Jihadi terrorists are at a “high level of readiness” to attack Britain, the Foreign Secretary Philip Hammond has said. Mr Hammond told BBC Radio 4 there was a “very high level of risk” to the country.
He was speaking ahead of a meeting of world leaders London today to discuss how to respond to the growing threat posed by the Islamic State. The conference will be co-chaired by US Secretary of State John Kerry, and the attacks in Paris are expected to be high on the agenda.
Hammond said: “We are and have for some time been on a high level of alert for an attack of this nature. The job that we have is identifying attack planning and intervening at an early stage. There have been some remarkable successes over the last couple of years.
“There remains a certainty that planning for attacks is going on and a very high likelihood that we will get attacks advancing to a high level of readiness. We have been very successful so far in disrupting those attack plannings before they get to an attack being launched but we have to recognise the reality that there is a very high level of risk out there.”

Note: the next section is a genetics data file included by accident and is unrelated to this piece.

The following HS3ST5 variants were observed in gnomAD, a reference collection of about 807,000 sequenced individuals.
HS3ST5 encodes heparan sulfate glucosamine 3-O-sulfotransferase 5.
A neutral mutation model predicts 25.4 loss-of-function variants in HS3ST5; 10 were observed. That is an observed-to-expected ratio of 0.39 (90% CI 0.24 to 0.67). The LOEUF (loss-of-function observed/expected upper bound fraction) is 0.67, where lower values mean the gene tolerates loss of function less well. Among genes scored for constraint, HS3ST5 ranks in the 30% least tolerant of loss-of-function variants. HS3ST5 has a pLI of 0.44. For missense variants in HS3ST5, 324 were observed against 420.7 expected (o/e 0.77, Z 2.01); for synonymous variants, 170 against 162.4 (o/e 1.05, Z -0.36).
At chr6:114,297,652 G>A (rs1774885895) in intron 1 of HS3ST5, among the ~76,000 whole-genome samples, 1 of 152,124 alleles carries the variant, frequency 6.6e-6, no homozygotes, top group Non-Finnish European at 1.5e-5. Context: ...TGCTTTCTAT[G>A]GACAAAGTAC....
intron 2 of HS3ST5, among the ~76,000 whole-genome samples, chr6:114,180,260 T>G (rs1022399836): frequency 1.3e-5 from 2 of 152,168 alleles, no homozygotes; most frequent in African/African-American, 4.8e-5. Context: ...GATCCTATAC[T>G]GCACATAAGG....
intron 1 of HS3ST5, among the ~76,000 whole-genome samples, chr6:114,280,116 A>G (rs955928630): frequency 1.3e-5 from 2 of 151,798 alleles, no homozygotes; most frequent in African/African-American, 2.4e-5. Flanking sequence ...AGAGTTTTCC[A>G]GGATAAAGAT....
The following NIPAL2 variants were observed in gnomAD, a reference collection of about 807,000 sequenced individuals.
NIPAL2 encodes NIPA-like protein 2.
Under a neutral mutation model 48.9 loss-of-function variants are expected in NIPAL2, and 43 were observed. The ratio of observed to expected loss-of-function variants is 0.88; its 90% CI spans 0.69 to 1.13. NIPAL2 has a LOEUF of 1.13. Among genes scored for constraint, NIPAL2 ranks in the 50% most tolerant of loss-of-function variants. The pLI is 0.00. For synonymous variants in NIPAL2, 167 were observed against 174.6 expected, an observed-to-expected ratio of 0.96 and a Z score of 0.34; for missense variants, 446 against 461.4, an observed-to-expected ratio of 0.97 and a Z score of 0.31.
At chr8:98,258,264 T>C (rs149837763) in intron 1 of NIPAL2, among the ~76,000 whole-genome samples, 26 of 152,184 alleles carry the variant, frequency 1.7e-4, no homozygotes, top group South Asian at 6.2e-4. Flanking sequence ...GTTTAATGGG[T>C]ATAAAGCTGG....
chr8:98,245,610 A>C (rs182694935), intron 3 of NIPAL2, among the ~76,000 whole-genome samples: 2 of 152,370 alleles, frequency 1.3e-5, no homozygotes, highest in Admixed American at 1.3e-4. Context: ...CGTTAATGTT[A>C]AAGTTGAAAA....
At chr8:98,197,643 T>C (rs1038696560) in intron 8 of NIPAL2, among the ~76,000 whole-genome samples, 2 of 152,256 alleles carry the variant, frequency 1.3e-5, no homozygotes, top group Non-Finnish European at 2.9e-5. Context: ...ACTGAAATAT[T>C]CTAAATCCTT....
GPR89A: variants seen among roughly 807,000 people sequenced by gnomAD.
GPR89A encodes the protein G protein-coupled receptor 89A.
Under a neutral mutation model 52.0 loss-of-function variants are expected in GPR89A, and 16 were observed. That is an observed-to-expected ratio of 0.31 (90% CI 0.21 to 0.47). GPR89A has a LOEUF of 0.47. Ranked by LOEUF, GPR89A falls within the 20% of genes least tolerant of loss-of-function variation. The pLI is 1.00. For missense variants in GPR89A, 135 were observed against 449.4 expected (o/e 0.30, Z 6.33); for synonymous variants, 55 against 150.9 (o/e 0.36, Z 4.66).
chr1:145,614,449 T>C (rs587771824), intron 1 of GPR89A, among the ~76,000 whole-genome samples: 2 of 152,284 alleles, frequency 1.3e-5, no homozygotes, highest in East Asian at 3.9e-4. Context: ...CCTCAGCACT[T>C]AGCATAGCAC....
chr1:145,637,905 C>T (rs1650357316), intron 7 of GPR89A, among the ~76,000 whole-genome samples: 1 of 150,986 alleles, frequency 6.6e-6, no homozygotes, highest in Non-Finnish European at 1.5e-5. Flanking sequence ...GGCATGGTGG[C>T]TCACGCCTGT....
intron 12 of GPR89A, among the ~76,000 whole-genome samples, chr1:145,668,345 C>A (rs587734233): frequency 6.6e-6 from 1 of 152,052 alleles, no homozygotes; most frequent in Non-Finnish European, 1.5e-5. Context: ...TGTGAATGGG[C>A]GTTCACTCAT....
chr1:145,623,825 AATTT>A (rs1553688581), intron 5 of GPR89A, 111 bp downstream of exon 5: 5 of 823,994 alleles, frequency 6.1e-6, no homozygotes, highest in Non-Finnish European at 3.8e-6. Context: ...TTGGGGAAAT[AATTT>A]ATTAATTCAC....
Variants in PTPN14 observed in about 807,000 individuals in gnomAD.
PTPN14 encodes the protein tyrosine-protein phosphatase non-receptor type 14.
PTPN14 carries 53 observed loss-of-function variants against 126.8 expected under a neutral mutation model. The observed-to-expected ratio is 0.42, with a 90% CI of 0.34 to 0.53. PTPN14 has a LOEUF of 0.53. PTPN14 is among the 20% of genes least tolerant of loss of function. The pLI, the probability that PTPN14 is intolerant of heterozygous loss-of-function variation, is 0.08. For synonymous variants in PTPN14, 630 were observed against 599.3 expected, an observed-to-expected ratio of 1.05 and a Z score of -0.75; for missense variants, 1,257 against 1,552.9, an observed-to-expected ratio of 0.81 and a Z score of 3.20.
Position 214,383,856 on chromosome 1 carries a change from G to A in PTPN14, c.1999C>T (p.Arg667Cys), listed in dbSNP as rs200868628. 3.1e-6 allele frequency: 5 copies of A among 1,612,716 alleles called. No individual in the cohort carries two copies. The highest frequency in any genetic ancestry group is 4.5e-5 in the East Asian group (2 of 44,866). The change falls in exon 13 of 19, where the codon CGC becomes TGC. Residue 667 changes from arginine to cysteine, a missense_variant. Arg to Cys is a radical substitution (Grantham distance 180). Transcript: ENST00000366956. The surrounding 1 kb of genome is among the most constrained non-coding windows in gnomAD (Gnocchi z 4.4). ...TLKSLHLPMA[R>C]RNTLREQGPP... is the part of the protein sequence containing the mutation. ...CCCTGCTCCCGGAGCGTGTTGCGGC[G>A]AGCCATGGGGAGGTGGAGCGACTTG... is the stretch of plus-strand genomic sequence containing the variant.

The Foreign Secretary said that whilst the west had spent hundreds of millions to combat ISIS – which he refers to as ISIL because he does not concede they are a state – the Iraqis are still not ready to beat the terror group alone.
He said: “We stopped the Isil advance. Last Spring we were seeing Isil surging towards Baghdad in an apparently unstoppable movement. The engagement of the Coalition, the beginning of air strikes against Isil positions, halted that advance and in some cases has begun to turn it back.
“We are renewing and regenerating the Iraqi security forces, re-equipping them, retraining them, re-organising them. But it will be months yet before they are ready to start significant combat operations against Isil.”
Twenty countries will attend today’s meeting, which is being held at Lancaster House in central London. Security is expected to be tight as attacking the event itself would be a major coup for the terrorists.